This Island, Our Funeral
27th January 2015 – Candlelight Records
02. For Life
03. For Dir
06. I Shall Build Mountains
Since Glaswegians Falloch’s debut release, the band have gone through monumental changes to their line up. The most notable of these has been vocalist Andy Marshall, who left the fold to be replaced by Tony Dunn. Thankfully, this dramatic change has meant they have come back more refined and Dunn has managed to outshine his predecessor.
The 4-piece provide most of the atmospherics a post-metal band would be expected to convey, but they fuse it with a folk sound that is contrasted with moments of thundering doom. This Island, Our Funeral has an epically-scaled sound that dwarfs their debut; the production brings out coherence in the instruments while keeping a raw and earthly footing. Vocally, it’s much stronger this time round; partly layered in harmonies, the confidence in Tony Dunn’s voice is felt. Used as an instrument itself, he accompanies their soundscape with long notes that run over the surface of the music.
“Torradh” makes for a beautiful opener; its raw and organic guitars conjure a feeling of true despair, which transitions into a flute and drum section that provides respite from the bleakness. Unrushed in their compositions, it is not until the 3-minute mark where we hear the song fall into place and each section is given time to build in this strong opener.
We get elements of that “blackened” sound from the intro of “For Life” through a ¾ time signature, overlaid with double pedals, a raw chugging rhythm section, and epic guitar harmonies. The impact is felt and it is delivered through simplicity. Falloch concentrate on emotional playing, attempting to convey that passion through modesty, rather than technical proficiency.
This, on most occasions, usually is a welcome listen; in amongst a sea of overly-technical bands, it seems with some that their ability to bring out emotion in sound has been forgotten. But Falloch unfortunately, have taken their restrained approach to composition down a route that becomes repetitive; post-metal – progressive in nature – relies on a slight change in playing. Each member should be thinking ahead, keeping the listener drawn in, but as we get to the latter half of the album it becomes rather dull. The last two songs of the album are over the 10-minute mark and listening to them becomes quite a chore. It’s a shame as the first half is such an enjoyable experience, but you do get the impression they have used up all their ammo by the halfway point.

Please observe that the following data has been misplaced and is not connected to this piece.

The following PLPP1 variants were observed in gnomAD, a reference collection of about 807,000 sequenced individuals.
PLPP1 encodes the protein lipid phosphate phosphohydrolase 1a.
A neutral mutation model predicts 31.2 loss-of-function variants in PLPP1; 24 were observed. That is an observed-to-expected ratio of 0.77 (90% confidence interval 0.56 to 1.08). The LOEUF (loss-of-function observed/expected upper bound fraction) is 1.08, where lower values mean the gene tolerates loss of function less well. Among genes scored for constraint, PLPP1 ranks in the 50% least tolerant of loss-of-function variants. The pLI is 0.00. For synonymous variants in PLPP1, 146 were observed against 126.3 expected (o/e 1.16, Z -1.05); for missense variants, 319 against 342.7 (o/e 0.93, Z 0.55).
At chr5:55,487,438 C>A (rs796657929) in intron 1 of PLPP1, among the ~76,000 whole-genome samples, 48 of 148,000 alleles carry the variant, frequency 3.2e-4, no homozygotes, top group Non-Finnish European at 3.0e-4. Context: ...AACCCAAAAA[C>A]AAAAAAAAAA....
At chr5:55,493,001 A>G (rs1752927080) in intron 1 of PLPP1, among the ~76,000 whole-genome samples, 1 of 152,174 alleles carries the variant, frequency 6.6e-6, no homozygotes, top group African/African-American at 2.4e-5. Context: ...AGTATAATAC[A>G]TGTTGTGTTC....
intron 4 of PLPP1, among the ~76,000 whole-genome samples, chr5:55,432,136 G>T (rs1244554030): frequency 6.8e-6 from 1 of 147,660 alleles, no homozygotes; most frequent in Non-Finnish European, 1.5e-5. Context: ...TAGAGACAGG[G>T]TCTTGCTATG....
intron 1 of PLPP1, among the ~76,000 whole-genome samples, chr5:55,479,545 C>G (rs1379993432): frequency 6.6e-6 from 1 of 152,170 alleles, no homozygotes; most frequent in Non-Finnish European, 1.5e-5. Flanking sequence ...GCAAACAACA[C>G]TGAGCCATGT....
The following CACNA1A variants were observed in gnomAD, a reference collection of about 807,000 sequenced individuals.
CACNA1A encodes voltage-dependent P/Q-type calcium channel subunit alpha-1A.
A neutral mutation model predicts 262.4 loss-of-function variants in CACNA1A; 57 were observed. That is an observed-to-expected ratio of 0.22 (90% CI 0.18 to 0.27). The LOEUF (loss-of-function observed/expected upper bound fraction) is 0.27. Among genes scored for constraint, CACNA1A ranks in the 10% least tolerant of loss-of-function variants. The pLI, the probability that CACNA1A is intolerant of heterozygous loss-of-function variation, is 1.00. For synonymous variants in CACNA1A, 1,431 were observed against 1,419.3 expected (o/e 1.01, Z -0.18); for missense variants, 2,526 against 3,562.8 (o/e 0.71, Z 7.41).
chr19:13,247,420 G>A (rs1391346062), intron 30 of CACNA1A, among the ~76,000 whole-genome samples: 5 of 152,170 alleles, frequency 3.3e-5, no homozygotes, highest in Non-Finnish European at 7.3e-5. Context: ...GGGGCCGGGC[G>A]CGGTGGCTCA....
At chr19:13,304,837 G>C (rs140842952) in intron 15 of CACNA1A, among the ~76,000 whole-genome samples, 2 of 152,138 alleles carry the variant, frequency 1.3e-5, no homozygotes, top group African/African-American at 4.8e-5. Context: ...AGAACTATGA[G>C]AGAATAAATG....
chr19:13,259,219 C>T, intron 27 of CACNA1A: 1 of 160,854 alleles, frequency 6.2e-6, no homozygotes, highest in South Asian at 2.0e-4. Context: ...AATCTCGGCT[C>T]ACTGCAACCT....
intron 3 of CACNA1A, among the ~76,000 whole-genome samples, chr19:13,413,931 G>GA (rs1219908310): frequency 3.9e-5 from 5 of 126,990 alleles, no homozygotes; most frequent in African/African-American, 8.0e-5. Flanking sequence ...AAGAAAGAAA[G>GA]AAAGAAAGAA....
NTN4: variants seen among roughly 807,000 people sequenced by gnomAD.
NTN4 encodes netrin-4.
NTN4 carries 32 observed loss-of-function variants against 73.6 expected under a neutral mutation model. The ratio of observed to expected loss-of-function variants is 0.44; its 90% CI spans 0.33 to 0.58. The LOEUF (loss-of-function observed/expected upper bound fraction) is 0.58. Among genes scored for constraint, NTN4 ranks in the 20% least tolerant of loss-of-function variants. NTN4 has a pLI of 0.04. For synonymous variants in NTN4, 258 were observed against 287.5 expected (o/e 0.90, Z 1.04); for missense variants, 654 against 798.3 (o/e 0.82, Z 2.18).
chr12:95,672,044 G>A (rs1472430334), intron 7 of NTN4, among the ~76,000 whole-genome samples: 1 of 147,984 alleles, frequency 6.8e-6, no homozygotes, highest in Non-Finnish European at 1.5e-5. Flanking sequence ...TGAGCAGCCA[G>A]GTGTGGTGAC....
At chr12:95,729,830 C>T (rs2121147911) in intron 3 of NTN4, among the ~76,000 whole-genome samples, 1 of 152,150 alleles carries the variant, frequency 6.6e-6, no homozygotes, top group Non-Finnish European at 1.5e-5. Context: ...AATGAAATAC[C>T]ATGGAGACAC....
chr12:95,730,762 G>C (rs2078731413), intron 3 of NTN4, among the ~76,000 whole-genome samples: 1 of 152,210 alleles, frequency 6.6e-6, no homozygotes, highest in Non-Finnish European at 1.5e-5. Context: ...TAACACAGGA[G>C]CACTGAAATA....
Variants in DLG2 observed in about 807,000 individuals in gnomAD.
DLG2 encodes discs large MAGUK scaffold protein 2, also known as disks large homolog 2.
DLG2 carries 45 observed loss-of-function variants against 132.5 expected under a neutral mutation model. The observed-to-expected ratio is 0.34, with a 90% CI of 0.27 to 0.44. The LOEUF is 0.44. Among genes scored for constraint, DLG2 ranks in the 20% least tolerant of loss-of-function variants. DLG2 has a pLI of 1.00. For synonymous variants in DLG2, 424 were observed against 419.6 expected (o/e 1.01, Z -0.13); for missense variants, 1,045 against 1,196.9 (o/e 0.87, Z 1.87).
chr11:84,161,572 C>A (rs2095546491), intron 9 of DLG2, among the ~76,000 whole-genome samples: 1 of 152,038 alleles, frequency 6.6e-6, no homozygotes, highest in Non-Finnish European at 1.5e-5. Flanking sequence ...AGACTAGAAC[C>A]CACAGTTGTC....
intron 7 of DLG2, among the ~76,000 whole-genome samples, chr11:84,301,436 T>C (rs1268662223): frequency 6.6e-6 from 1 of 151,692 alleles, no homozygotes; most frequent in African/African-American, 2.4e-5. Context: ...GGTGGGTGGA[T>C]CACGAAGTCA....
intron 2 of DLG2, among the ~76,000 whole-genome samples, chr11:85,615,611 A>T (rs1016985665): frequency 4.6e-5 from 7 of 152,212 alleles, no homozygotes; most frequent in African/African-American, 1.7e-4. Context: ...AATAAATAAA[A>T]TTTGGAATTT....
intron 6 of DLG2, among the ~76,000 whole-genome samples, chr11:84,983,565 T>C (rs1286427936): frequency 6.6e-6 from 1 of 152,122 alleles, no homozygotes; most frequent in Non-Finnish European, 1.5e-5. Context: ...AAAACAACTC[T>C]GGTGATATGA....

Having focused their sound with this album, it has resulted in songs that become stagnant. They play a safe game and sadly the lack of experimentation is why the album loses its way. That being said, when the band are at their peak, they perfectly blend the bleakness with light. The vocals lead you in the darkness, providing the listener with reassurance through this cold and harsh landscape.
Falloch have the elements that could make them a great band and its highly possible that the third release will see them reach their true potential. Perhaps though, just as listening to this album, it is a question of patience.